All in a day’s work if you plan ahead and manage your assets properly

Who said that Asset Management is only for Fieldbus?

Let us consider these two scenarios:

  • Kevin, a senior operator in a power plant, is observing the large screen in front of him, everything seems to be in top shape, power production is steady, and so he can relax. But the all of a sudden an alarm goes off: a crucial pump in the feed water cycle suddenly stops. A trip could have been avoided, because the system has been designed with back-up pumps. Unfortunately, the backup fails to start. “I knew there was something wrong with that pump”, mumbles Kevin while he forces the dreaded plant trip.
  • Julie, responsible for instrumentation and control for the same power plant, receives on her smartphone an alarm from a Profibus temperature transmitter, a smart device, with embedded diagnostic features. The transmitter is still operational, but it requires a quick check and possibly some low-level, inexpensive maintenance. Julie dispatches one of her maintenance engineers to take care of the problem, and the plant continues to operate undisturbed. “All in a day’s work”, she quips.

computer-with-stethoscope_free reuse

In one case, a proper asset management policy was in place, preventing a failure, while in the other the lack of it resulted in a plant trip causing significant losses. From the plant owner perspective, both issues had the potential of disrupting production, and should have been treated and possibly prevented applying the same asset management functions to both. However, there is a difference between the two, when looked from the automation supplier perspective: the feed water pump is not in the automation scope of supply, while the Profibus transmitter is.

Oftentimes, automation suppliers have the tendency to consider the control system as an island, with well-defined boundaries, and to respond to the request for an Asset management functionality by covering whatever is in our scope of supply. More to the point, it has been a common approach to associate the concept of assets to fieldbus devices, with on-board intelligence providing early diagnostic information, in addition to the standard process values. It is not a case that the first vendors to offer asset management products or solutions focused their attention on fieldbus management.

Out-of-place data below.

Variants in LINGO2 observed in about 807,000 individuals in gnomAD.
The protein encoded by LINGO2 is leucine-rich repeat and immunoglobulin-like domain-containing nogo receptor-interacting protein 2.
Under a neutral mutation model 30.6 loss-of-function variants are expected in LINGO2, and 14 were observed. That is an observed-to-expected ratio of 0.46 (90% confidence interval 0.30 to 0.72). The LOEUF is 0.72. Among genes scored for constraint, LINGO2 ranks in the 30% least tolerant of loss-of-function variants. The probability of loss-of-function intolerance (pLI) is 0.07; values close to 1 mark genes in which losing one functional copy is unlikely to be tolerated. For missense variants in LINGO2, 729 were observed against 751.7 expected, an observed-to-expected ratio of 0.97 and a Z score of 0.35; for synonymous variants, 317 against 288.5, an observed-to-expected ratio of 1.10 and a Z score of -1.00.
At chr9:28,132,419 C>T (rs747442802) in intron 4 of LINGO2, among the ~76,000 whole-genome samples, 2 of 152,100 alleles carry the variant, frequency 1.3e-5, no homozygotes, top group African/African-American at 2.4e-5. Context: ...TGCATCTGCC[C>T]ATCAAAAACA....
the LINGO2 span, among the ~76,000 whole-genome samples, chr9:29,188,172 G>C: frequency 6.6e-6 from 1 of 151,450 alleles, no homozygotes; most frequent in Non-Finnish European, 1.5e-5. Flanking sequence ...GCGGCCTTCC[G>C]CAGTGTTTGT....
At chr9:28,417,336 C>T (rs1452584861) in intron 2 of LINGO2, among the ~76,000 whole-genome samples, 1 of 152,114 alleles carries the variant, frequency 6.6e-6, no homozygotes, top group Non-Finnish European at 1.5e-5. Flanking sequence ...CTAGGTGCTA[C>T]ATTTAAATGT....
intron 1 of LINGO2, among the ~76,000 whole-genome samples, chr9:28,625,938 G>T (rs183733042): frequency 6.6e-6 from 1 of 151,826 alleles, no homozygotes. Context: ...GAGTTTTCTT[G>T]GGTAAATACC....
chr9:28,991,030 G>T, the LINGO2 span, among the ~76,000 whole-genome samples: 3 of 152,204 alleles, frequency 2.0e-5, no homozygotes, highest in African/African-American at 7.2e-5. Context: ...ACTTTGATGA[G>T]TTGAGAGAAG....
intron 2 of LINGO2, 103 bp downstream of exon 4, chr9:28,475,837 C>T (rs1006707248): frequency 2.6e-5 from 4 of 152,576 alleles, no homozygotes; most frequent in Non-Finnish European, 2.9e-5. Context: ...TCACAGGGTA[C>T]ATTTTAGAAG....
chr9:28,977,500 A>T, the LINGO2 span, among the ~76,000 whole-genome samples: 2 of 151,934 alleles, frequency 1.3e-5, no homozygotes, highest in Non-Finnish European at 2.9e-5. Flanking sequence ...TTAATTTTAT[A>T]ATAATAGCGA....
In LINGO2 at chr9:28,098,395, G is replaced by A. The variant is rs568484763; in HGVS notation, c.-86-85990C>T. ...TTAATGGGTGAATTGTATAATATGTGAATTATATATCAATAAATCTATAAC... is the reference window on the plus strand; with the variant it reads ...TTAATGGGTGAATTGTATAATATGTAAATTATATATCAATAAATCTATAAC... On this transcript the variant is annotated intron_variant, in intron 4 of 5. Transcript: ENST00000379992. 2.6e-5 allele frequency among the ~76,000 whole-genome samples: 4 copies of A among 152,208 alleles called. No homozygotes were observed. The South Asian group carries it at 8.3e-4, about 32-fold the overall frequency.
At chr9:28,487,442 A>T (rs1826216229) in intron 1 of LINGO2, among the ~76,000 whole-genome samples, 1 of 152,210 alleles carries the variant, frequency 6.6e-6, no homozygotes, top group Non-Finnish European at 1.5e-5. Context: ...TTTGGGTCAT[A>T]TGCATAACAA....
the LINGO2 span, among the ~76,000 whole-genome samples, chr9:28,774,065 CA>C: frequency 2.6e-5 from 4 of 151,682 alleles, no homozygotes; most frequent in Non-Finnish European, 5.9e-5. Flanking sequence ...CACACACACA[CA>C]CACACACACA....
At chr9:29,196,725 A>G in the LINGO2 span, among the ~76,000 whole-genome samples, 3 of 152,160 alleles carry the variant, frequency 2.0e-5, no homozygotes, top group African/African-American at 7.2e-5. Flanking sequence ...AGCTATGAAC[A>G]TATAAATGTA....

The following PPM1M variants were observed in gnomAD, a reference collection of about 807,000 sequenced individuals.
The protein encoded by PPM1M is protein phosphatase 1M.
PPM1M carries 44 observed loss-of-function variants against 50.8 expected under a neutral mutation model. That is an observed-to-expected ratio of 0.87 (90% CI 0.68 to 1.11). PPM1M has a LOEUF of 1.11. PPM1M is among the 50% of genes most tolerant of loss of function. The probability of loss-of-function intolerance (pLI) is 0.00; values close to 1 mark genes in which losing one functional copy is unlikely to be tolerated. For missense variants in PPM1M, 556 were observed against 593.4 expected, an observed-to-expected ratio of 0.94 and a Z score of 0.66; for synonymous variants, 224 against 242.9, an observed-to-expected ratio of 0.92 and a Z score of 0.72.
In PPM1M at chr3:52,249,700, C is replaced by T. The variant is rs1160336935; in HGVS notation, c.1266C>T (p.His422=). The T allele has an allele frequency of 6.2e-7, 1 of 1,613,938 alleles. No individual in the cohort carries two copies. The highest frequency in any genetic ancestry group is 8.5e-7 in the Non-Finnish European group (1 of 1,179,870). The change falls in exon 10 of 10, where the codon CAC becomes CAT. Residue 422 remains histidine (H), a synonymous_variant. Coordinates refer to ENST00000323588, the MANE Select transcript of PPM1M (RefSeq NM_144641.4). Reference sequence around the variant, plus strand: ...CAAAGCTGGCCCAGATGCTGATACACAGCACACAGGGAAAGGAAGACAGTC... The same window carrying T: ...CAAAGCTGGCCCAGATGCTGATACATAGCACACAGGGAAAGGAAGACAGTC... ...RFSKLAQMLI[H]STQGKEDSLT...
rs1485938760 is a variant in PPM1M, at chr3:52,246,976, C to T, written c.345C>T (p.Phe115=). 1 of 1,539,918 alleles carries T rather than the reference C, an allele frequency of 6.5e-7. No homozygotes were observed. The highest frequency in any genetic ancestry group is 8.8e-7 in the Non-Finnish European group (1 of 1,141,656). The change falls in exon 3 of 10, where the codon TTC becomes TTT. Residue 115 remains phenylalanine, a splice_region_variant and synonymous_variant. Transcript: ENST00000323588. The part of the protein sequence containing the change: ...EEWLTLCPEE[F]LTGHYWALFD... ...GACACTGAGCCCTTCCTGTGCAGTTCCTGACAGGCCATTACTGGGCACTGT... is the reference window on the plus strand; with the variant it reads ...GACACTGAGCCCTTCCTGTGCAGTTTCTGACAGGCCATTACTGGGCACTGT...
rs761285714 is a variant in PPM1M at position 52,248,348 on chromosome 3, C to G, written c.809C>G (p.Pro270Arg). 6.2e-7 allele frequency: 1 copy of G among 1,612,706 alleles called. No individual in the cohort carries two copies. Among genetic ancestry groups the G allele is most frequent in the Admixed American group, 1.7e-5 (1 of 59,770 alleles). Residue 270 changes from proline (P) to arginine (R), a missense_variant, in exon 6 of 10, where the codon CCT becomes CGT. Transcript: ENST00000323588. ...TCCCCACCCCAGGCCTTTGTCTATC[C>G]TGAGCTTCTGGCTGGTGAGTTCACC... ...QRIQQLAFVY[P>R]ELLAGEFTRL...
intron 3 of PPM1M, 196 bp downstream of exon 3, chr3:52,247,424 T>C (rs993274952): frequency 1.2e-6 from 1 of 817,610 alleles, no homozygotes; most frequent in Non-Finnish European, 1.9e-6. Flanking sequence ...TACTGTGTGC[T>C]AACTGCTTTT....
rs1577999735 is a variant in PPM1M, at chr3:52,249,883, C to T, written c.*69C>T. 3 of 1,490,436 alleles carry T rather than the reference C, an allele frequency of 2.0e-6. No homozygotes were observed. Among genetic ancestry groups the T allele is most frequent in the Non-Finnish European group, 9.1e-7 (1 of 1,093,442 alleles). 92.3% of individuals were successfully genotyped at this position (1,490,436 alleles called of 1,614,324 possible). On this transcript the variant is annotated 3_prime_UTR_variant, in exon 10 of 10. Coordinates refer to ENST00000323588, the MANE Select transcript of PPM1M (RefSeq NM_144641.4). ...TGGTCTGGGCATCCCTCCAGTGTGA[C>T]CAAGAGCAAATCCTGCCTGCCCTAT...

The flaw in this approach is well described by the scenarios above: by addressing only the assets we provide as part of the control systems, we are not responding to the plant owner’s need to increase the reliability of the plant as a whole. A holistic approach to Asset Management must start with a clear definition of boundaries and features. Several standardization bodies have undertaken the effort to formalize the description of a conceptual model. These are valuable references, but for the purpose of this conversation, I believe we can simplify scope and features in a two-dimensional map: scope and functionality:

  • Scope defines the class of assets: Instrumentation and control assets and plant assets. Hierarchy and groups can be used in both classes. For example, in the case of plant assets we may look at individual pumps and motors or at a whole plant component, like the feed water cycle
  • Functionality refers to the different tasks comprising Asset Management. In broad terms we can identify three main tasks: Monitoring, Maintenance and Optimization

On this basis, we can clearly identify the major components of a well-structured Asset management solution:

  • A plant cockpit, which must be integrated in the system infrastructure to support visualization and navigation of the entire plant and system. From here, all control system users (operators, maintenance, managers) must have the ability to access any device in the system or the plant and retrieve equipment data, documentation, real time status and historical data
  • A library of additional software modules which can be added to the cockpit to perform more advanced, device specific monitoring and diagnostic
  • A set of maintenance support features, making diagnostic and prognostic data available to the maintenance crew for fast identification of the problem source and execution of the necessary corrective actions
  • A library of more advanced software modules addressing optimization and proactive maintenance strategies

Let’s go back to our friend Kevin, still grappling with his pump failure. How could the scenario have changed? Well let’s see: for example, by using a condition monitoring solution like the MCM800 and Analyst, Kevin’s hunch that something was not quite right would have been confirmed well in advance, and the pump could have been looked after before it shut down. Also, the backup pump failure could have been avoided by including in the maintenance planning, driven by the automation system, a periodic test run to ensure that it was in proper working order. The plant trip could certainly have been avoided. All in a day’s work!

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About the author

Franco Gatti

I lead the Product Line Management team responsible for the Power Generation Automation product portfolio. My base office is near Milan, Italy, but the team is distributed in 8 different locations and 4 different countries.
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